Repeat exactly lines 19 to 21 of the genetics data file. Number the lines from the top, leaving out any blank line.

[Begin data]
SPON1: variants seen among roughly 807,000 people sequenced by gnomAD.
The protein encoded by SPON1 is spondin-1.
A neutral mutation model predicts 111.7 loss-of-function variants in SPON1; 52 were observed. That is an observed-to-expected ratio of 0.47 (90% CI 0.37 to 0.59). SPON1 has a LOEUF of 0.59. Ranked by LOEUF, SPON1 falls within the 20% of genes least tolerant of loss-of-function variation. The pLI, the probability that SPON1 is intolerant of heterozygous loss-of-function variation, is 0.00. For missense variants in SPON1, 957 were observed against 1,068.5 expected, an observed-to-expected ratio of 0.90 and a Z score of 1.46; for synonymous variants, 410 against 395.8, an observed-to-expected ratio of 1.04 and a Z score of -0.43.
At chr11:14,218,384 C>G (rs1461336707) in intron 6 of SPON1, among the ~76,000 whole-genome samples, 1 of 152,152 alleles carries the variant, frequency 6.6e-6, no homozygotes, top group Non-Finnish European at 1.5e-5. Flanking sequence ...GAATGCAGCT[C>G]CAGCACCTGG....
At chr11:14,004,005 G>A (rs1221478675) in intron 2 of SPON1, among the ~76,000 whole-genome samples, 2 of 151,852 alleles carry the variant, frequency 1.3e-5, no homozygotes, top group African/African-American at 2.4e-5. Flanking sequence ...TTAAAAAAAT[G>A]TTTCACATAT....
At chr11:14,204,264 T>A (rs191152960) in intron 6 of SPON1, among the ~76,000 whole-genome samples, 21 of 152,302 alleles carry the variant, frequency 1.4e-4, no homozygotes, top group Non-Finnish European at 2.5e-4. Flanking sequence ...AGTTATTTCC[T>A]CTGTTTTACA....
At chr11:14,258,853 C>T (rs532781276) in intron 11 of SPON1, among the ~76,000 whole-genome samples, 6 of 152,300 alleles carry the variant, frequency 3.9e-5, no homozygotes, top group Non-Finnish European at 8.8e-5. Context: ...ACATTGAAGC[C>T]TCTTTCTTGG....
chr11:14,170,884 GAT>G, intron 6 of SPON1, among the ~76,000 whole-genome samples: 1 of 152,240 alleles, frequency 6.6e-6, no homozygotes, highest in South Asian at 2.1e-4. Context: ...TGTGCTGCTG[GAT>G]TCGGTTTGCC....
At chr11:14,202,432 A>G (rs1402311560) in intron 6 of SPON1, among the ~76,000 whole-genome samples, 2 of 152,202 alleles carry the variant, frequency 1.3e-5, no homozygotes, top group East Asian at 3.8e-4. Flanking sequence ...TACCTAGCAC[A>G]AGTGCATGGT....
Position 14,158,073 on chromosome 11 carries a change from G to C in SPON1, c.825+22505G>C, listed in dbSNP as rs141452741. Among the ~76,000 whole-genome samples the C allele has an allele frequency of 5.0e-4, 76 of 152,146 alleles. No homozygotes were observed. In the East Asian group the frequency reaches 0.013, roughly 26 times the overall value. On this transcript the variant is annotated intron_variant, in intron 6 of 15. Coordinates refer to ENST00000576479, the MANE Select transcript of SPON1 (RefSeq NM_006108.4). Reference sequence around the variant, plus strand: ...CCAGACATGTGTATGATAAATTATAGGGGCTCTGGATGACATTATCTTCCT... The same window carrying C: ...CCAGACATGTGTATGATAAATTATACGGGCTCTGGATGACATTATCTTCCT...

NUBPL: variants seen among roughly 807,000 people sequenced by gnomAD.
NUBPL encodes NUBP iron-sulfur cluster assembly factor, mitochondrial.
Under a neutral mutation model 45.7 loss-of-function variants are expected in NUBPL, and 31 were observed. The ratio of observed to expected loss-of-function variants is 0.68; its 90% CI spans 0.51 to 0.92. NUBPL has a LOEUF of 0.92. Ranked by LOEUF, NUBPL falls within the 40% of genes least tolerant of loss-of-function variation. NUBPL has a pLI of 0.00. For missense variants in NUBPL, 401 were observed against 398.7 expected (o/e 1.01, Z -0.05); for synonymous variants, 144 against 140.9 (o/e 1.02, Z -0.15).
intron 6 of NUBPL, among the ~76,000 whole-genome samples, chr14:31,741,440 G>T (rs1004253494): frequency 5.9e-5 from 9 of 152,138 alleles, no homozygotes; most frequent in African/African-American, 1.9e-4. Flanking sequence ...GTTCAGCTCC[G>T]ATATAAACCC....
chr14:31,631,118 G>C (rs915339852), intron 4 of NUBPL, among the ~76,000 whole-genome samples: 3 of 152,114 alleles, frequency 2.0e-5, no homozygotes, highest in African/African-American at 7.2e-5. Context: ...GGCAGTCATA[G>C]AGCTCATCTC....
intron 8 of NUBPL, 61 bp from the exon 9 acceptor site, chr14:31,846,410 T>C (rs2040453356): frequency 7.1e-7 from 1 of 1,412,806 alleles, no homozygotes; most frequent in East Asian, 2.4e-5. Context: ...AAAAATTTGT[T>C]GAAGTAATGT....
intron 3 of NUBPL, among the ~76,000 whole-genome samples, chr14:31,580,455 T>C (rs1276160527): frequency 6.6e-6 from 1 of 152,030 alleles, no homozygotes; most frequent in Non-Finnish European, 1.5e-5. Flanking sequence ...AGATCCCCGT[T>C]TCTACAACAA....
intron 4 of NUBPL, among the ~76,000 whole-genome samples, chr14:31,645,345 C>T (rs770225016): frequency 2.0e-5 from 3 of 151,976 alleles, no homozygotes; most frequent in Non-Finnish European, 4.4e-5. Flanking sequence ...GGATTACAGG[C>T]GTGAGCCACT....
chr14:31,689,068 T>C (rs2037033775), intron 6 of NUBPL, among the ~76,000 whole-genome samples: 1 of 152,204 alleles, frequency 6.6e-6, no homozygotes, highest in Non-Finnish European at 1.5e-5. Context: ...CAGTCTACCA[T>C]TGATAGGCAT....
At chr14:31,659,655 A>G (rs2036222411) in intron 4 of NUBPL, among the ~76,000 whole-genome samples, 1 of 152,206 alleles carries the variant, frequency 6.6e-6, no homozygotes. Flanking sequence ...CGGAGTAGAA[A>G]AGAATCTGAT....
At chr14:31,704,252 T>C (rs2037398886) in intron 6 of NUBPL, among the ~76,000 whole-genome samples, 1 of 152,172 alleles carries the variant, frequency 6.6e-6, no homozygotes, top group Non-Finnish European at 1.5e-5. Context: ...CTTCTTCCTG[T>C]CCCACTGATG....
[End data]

chr14:31,689,068 T>C (rs2037033775), intron 6 of NUBPL, among the ~76,000 whole-genome samples: 1 of 152,204 alleles, frequency 6.6e-6, no homozygotes, highest in Non-Finnish European at 1.5e-5. Context: ...CAGTCTACCA[T>C]TGATAGGCAT....
At chr14:31,659,655 A>G (rs2036222411) in intron 4 of NUBPL, among the ~76,000 whole-genome samples, 1 of 152,206 alleles carries the variant, frequency 6.6e-6, no homozygotes. Flanking sequence ...CGGAGTAGAA[A>G]AGAATCTGAT....
At chr14:31,704,252 T>C (rs2037398886) in intron 6 of NUBPL, among the ~76,000 whole-genome samples, 1 of 152,172 alleles carries the variant, frequency 6.6e-6, no homozygotes, top group Non-Finnish European at 1.5e-5. Context: ...CTTCTTCCTG[T>C]CCCACTGATG....